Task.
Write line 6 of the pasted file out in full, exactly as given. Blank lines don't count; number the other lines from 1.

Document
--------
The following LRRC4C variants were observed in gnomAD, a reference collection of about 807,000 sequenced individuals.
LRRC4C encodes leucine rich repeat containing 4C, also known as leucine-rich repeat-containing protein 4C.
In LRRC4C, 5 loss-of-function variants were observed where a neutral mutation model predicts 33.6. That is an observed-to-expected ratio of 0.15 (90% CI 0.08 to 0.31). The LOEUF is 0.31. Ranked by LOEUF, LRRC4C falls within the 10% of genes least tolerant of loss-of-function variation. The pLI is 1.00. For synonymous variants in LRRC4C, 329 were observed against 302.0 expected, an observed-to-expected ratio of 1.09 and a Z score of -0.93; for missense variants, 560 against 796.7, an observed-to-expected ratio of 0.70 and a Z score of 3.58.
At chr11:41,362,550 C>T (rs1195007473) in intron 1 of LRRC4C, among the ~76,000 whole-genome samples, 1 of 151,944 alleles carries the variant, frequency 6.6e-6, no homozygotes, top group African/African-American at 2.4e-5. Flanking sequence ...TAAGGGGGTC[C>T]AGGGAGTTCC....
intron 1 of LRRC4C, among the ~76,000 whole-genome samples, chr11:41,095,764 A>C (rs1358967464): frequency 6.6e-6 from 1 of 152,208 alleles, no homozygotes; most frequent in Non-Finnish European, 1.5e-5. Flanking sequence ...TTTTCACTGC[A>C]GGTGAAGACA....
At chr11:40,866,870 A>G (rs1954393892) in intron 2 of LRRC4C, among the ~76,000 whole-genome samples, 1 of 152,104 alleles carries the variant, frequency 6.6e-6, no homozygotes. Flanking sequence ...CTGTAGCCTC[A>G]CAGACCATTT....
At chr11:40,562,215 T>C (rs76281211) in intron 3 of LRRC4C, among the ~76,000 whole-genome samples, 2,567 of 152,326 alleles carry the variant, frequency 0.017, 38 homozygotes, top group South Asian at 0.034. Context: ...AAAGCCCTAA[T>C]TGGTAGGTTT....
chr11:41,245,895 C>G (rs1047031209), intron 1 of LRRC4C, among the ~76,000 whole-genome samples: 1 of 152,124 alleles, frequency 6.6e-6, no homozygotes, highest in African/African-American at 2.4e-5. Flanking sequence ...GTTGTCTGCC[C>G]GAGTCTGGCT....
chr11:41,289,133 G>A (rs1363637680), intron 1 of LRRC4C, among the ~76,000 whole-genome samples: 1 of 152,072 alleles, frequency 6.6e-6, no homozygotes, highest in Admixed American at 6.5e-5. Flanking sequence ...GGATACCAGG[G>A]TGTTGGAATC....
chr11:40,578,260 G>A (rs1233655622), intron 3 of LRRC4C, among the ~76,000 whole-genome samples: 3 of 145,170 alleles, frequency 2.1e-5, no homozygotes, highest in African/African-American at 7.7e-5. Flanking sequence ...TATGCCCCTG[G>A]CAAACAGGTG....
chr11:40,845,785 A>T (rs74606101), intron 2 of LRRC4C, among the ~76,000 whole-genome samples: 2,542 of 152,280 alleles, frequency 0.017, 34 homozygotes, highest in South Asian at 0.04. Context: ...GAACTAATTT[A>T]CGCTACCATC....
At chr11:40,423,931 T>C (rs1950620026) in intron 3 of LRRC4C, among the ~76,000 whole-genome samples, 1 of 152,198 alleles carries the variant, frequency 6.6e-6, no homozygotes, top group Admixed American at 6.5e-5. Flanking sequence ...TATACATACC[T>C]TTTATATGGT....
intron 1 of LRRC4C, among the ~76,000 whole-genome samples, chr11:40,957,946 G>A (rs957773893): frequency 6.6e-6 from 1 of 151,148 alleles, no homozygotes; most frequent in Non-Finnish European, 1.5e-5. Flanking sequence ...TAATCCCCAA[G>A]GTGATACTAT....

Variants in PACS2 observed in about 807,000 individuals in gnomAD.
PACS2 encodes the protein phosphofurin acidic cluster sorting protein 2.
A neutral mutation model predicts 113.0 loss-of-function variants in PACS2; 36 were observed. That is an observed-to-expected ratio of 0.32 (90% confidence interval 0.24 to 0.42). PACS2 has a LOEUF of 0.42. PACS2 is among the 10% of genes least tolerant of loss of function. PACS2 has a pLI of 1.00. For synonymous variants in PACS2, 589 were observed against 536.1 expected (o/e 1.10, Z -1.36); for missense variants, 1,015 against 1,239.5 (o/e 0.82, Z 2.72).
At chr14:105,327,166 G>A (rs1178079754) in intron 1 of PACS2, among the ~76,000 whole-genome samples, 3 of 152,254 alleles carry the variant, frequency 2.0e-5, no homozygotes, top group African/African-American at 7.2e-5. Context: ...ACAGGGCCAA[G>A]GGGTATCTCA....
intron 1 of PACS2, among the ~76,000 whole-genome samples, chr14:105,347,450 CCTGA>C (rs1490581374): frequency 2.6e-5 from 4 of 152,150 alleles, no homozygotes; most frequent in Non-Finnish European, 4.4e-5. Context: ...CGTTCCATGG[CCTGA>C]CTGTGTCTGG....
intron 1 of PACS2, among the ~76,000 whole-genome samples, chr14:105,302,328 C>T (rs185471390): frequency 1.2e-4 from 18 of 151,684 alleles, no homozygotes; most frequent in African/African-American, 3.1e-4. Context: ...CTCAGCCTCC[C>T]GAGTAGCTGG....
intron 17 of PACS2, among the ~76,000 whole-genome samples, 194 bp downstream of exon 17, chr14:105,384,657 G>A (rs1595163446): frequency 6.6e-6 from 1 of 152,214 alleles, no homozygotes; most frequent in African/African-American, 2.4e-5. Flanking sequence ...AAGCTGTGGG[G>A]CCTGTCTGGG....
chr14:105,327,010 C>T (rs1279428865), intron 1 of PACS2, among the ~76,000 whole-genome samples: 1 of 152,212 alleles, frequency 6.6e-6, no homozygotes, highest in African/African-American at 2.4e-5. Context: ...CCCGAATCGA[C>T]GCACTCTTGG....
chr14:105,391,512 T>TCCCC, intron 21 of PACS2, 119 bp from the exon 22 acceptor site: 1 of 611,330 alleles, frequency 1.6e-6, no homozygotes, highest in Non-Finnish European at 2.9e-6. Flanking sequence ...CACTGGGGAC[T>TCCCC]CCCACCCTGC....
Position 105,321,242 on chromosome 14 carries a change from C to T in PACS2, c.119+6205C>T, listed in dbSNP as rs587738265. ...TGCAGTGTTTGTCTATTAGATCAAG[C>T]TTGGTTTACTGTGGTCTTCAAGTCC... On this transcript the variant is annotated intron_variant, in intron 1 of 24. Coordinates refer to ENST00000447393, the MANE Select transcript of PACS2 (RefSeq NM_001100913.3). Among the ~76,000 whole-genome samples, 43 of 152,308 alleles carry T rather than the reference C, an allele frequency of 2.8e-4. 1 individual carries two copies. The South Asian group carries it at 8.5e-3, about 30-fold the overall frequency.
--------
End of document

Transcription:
At chr11:40,866,870 A>G (rs1954393892) in intron 2 of LRRC4C, among the ~76,000 whole-genome samples, 1 of 152,104 alleles carries the variant, frequency 6.6e-6, no homozygotes. Flanking sequence ...CTGTAGCCTC[A>G]CAGACCATTT....